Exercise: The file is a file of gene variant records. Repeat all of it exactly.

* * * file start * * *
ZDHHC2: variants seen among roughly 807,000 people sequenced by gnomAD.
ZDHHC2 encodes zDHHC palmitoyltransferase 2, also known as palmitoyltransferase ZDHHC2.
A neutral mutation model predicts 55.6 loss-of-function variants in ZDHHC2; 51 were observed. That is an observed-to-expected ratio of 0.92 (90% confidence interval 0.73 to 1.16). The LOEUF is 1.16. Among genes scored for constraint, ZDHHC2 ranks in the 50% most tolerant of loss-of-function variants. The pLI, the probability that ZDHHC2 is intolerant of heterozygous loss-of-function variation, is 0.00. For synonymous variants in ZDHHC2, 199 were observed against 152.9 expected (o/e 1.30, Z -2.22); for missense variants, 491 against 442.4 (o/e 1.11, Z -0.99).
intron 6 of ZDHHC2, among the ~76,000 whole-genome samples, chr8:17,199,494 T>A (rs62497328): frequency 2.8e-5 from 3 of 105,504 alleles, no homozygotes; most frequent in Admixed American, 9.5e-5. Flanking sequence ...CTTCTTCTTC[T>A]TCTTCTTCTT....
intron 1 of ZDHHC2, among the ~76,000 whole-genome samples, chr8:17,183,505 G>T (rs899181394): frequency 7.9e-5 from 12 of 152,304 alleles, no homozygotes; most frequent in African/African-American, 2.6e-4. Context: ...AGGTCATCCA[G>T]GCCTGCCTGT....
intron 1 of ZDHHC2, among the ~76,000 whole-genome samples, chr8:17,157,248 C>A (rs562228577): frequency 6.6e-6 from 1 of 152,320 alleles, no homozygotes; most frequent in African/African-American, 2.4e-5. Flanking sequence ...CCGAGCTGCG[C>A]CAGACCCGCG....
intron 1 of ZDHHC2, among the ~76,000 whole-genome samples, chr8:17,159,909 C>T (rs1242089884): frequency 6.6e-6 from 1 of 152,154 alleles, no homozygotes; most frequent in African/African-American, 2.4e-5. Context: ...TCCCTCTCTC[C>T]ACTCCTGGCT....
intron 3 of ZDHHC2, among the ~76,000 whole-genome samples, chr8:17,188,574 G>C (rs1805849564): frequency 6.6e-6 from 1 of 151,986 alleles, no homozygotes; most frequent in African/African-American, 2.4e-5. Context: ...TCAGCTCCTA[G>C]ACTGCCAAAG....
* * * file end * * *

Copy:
ZDHHC2: variants seen among roughly 807,000 people sequenced by gnomAD.
ZDHHC2 encodes zDHHC palmitoyltransferase 2, also known as palmitoyltransferase ZDHHC2.
A neutral mutation model predicts 55.6 loss-of-function variants in ZDHHC2; 51 were observed. That is an observed-to-expected ratio of 0.92 (90% confidence interval 0.73 to 1.16). The LOEUF is 1.16. Among genes scored for constraint, ZDHHC2 ranks in the 50% most tolerant of loss-of-function variants. The pLI, the probability that ZDHHC2 is intolerant of heterozygous loss-of-function variation, is 0.00. For synonymous variants in ZDHHC2, 199 were observed against 152.9 expected (o/e 1.30, Z -2.22); for missense variants, 491 against 442.4 (o/e 1.11, Z -0.99).
intron 6 of ZDHHC2, among the ~76,000 whole-genome samples, chr8:17,199,494 T>A (rs62497328): frequency 2.8e-5 from 3 of 105,504 alleles, no homozygotes; most frequent in Admixed American, 9.5e-5. Flanking sequence ...CTTCTTCTTC[T>A]TCTTCTTCTT....
intron 1 of ZDHHC2, among the ~76,000 whole-genome samples, chr8:17,183,505 G>T (rs899181394): frequency 7.9e-5 from 12 of 152,304 alleles, no homozygotes; most frequent in African/African-American, 2.6e-4. Context: ...AGGTCATCCA[G>T]GCCTGCCTGT....
intron 1 of ZDHHC2, among the ~76,000 whole-genome samples, chr8:17,157,248 C>A (rs562228577): frequency 6.6e-6 from 1 of 152,320 alleles, no homozygotes; most frequent in African/African-American, 2.4e-5. Flanking sequence ...CCGAGCTGCG[C>A]CAGACCCGCG....
intron 1 of ZDHHC2, among the ~76,000 whole-genome samples, chr8:17,159,909 C>T (rs1242089884): frequency 6.6e-6 from 1 of 152,154 alleles, no homozygotes; most frequent in African/African-American, 2.4e-5. Context: ...TCCCTCTCTC[C>T]ACTCCTGGCT....
intron 3 of ZDHHC2, among the ~76,000 whole-genome samples, chr8:17,188,574 G>C (rs1805849564): frequency 6.6e-6 from 1 of 151,986 alleles, no homozygotes; most frequent in African/African-American, 2.4e-5. Context: ...TCAGCTCCTA[G>C]ACTGCCAAAG....